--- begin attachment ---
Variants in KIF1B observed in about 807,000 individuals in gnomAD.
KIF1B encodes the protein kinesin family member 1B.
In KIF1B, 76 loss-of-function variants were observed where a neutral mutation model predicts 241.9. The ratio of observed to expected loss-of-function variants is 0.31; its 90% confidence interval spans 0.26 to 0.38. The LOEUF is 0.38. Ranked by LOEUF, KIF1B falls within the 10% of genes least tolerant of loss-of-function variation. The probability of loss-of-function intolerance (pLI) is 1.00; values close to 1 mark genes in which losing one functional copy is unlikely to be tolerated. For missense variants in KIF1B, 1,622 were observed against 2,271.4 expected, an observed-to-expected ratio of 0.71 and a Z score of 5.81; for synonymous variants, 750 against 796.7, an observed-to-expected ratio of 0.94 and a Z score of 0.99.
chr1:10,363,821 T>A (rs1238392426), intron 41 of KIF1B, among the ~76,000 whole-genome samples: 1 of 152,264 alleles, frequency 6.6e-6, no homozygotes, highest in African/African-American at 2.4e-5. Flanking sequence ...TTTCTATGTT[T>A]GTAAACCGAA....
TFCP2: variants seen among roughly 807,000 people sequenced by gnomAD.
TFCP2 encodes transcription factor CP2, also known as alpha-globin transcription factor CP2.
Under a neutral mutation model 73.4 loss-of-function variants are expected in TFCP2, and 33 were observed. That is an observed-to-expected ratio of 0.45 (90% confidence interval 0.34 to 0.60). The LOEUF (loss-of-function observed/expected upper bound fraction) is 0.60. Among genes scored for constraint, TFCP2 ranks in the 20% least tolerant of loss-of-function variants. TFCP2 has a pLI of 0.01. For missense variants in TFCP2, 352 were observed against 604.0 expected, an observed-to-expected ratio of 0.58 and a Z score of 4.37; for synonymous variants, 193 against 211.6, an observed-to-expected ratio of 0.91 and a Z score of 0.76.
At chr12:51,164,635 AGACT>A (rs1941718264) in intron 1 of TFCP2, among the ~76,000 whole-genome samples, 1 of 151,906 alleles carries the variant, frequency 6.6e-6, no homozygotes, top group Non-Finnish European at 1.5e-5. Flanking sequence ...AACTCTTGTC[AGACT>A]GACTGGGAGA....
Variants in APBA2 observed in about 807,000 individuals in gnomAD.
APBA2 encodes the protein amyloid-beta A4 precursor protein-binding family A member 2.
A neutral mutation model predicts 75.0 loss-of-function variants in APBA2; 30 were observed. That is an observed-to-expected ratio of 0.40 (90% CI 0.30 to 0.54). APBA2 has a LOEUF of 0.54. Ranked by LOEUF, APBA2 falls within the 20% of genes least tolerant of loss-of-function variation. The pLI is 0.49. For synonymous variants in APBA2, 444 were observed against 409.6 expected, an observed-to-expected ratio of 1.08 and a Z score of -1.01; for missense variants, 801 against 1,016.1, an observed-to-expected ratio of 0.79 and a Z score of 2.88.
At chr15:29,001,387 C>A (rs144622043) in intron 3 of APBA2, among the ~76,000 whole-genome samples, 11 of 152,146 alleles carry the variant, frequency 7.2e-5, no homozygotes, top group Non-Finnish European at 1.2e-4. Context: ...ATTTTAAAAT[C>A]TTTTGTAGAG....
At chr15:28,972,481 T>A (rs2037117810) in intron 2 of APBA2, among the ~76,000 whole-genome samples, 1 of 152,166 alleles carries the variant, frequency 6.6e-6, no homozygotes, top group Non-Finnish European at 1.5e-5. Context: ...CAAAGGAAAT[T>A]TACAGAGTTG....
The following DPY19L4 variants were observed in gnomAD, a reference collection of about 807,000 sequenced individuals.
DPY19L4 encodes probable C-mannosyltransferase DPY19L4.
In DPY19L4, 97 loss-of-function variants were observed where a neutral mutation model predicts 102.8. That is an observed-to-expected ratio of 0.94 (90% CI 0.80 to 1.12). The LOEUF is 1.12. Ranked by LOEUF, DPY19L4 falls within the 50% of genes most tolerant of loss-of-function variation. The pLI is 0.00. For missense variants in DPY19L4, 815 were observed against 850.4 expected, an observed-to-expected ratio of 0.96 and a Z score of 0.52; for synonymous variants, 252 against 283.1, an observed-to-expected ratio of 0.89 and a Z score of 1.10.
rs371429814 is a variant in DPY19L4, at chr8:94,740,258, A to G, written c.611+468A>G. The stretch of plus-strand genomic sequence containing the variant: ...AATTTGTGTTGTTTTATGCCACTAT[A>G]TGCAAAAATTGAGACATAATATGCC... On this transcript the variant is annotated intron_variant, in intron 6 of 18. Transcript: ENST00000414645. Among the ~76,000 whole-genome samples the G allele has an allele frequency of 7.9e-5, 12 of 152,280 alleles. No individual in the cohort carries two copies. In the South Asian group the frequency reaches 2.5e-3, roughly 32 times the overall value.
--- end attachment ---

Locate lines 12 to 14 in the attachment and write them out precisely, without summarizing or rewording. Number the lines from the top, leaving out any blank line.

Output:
At chr15:29,001,387 C>A (rs144622043) in intron 3 of APBA2, among the ~76,000 whole-genome samples, 11 of 152,146 alleles carry the variant, frequency 7.2e-5, no homozygotes, top group Non-Finnish European at 1.2e-4. Context: ...ATTTTAAAAT[C>A]TTTTGTAGAG....
At chr15:28,972,481 T>A (rs2037117810) in intron 2 of APBA2, among the ~76,000 whole-genome samples, 1 of 152,166 alleles carries the variant, frequency 6.6e-6, no homozygotes, top group Non-Finnish European at 1.5e-5. Context: ...CAAAGGAAAT[T>A]TACAGAGTTG....
The following DPY19L4 variants were observed in gnomAD, a reference collection of about 807,000 sequenced individuals.